Interferon-free therapies for hep C virus look promising

Interferon-free therapies for hep C virus look promising
For untreated patients with hepatitis C virus (HCV), treatment with an oral nucleotide inhibitor of HCV polymerase, sofosbuvir, plus ribavirin seems effective for genotypes 1, 2, and 3; and the HCV NS3 protease inhibitor ABT-450, combined with low-dose ritonavir plus the nonnucleoside NS5B polymerase inhibitor ABT-333 and ribavirin, seems effective for genotype 1, according to two studies published in the Jan. 2 issue of the New England Journal of Medicine.

(HealthDay)—For untreated patients with hepatitis C virus (HCV), treatment with an oral nucleotide inhibitor of HCV polymerase, sofosbuvir, plus ribavirin seems effective for genotypes 1, 2, and 3; and the HCV NS3 protease inhibitor ABT-450, combined with low-dose ritonavir (ABT-450/r) plus the nonnucleoside NS5B polymerase inhibitor ABT-333 and ribavirin, seems effective for genotype 1, according to two studies published in the Jan. 2 issue of the New England Journal of Medicine.

Edward J. Gane, M.D., from Auckland City Hospital in New Zealand, and colleagues evaluated sofosbuvir in interferon-sparing and interferon-free regimens for patients with untreated HCV genotype 2 and 3. After 24 weeks of therapy, the researchers found that all patients who received sofosbuvir plus ribavirin without interferon or with interferon had a sustained virologic response. In addition, 84 percent of previously untreated patients with HCV genotype 1 had a sustained virologic response with sofosbuvir and ribavirin.

In a second study, Fred Poordad, M.D., from the University of Texas Health Science Center in San Antonio, and colleagues assessed the role of ABT-450/r, ABT-333, and ribavirin for treatment of HCV 1 infection without cirrhosis in a 12-week phase 2a study. The researchers found that most untreated patients had an extended rapid virologic response, and 93 to 95 percent had a sustained virologic response 12 weeks after the end of treatment. Forty-seven percent of those who had had a null or partial response to previous therapy with peginterferon and ribavirin had sustained 12 weeks after therapy.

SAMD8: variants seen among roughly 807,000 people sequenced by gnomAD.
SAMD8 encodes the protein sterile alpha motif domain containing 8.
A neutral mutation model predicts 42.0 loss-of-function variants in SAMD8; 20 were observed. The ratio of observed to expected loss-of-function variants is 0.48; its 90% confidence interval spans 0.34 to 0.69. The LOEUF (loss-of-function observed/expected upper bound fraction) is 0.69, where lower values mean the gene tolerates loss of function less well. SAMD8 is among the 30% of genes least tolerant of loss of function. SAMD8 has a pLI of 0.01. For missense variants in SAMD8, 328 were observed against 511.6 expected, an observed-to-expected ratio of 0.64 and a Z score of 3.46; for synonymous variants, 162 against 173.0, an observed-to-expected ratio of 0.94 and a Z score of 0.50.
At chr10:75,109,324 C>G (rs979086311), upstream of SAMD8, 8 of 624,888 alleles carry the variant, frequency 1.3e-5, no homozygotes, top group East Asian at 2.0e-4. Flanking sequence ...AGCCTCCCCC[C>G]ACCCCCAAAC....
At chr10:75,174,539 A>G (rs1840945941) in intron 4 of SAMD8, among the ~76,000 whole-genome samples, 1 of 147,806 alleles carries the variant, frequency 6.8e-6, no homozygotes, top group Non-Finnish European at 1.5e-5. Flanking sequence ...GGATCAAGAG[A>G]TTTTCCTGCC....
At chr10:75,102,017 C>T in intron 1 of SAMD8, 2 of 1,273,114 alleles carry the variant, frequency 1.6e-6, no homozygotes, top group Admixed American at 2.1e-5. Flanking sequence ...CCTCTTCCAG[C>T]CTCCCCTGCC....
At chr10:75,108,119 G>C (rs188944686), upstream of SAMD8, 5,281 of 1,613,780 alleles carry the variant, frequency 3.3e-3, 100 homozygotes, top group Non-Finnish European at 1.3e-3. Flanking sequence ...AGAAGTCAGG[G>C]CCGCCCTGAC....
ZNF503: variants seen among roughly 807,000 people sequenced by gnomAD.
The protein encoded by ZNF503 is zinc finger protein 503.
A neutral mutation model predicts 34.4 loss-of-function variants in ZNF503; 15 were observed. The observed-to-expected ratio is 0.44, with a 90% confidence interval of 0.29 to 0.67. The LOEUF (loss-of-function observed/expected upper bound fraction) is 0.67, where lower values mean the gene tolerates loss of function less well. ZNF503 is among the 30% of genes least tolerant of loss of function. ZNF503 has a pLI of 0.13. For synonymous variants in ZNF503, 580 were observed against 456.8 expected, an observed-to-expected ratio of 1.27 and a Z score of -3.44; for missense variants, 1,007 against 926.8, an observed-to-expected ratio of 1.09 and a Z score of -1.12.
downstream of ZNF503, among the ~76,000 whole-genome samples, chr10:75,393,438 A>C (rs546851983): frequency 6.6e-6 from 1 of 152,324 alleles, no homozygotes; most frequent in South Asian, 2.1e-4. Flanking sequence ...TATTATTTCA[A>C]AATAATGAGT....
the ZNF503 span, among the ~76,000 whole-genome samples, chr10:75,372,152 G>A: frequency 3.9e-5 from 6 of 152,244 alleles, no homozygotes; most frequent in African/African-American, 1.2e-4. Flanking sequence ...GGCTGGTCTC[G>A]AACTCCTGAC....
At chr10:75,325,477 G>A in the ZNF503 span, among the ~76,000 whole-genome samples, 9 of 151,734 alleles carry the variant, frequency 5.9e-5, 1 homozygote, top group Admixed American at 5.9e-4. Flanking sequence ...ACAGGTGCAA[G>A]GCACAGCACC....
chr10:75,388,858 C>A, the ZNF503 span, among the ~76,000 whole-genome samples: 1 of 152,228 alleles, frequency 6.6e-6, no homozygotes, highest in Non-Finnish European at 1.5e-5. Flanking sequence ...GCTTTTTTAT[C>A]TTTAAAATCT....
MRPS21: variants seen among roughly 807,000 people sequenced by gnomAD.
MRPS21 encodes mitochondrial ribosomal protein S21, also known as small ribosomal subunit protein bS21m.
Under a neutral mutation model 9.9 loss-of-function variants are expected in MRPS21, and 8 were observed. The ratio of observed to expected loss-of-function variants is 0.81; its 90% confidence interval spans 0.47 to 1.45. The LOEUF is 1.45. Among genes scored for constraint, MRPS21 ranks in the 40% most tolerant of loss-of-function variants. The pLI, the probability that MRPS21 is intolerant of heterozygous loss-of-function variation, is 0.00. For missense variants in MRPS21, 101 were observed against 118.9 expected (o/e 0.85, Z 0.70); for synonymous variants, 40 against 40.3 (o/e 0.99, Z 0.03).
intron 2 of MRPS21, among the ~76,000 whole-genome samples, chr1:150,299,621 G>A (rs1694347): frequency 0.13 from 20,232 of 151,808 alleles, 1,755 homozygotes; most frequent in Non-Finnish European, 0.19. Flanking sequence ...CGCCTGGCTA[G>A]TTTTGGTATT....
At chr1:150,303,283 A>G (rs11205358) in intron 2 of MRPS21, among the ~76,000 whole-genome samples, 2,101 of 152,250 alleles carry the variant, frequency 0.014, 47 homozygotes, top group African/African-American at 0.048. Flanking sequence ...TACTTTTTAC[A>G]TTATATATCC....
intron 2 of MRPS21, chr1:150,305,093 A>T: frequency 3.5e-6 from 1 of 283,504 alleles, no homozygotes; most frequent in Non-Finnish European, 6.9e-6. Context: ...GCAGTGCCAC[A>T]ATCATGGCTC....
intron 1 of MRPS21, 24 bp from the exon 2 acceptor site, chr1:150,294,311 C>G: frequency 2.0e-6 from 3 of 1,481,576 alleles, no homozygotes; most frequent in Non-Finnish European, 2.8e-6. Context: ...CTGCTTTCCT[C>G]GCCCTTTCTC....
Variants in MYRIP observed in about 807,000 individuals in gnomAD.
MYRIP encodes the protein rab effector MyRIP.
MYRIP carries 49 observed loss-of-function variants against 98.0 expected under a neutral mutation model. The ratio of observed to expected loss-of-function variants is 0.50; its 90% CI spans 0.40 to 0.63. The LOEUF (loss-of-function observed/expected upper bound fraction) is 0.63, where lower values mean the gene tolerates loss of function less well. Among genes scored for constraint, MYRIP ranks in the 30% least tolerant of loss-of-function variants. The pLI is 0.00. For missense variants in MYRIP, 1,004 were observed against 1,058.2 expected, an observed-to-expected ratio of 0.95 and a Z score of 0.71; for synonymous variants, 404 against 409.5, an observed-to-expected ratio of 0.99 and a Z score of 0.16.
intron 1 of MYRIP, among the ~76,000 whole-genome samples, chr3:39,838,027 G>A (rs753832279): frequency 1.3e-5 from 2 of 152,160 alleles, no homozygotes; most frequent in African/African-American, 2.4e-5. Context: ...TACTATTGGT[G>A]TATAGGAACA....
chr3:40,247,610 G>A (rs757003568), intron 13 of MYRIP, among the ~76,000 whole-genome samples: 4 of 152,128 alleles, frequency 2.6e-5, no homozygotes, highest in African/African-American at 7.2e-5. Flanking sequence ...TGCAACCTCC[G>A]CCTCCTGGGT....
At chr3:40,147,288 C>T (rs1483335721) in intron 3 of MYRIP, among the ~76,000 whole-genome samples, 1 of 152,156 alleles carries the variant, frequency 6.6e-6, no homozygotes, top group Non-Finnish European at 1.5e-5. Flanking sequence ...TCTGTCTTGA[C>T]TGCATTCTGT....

"This preliminary study suggests that 12 weeks of therapy with a combination of a , a nonnucleoside polymerase inhibitor, and ribavirin may be effective for treatment of HCV genotype 1 infection," Poordad and colleagues conclude.

The Gane study was supported by Pharmasset and Gilead Sciences; the Poordad study was funded by Abbott.

More information: Full Text - Gane (subscription or payment may be required)
Full Text - Poordad (subscription or payment may be required)

add to favorites email to friend print save as pdf

Related Stories

Coffee drinking improves hepatitis C treatment response

Jun 07, 2011

Advanced hepatitis C patients with chronic liver disease may benefit from drinking coffee during treatment, according to a new study in Gastroenterology, the official journal of the American Gastroenterological Association (AGA) ...

Recommended for you

At one month, US Ebola monitors finding no cases

1 hour ago

The U.S. program that requires weeks of monitoring for travelers from African countries with Ebola reaches the one-month mark Thursday. And so far, no cases of the disease have turned up.

EU calls for 5,000 doctors to fight Ebola

1 hour ago

The European Commission called for 5,000 doctors to be sent from EU states to combat west Africa's Ebola epidemic, a European source with knowledge of the matter said on Wednesday.

Guinea, hit by Ebola, reports only one cholera case

1 hour ago

The health workers rode on canoes and rickety boats to deliver cholera vaccines to remote islands in Guinea. Months later, the country has recorded only one confirmed cholera case this year, down from thousands.

Sierra Leone official: Ebola worst could be over

1 hour ago

The Ebola outbreak in Sierra Leone, which has been surging in recent days, may have reached its peak and be on the verge of slowing down, Sierra Leone's information minister said Wednesday.

User comments

Please sign in to add a comment. Registration is free, and takes less than a minute. Read more

Click here to reset your password.
Sign in to get notified via email when new comments are made.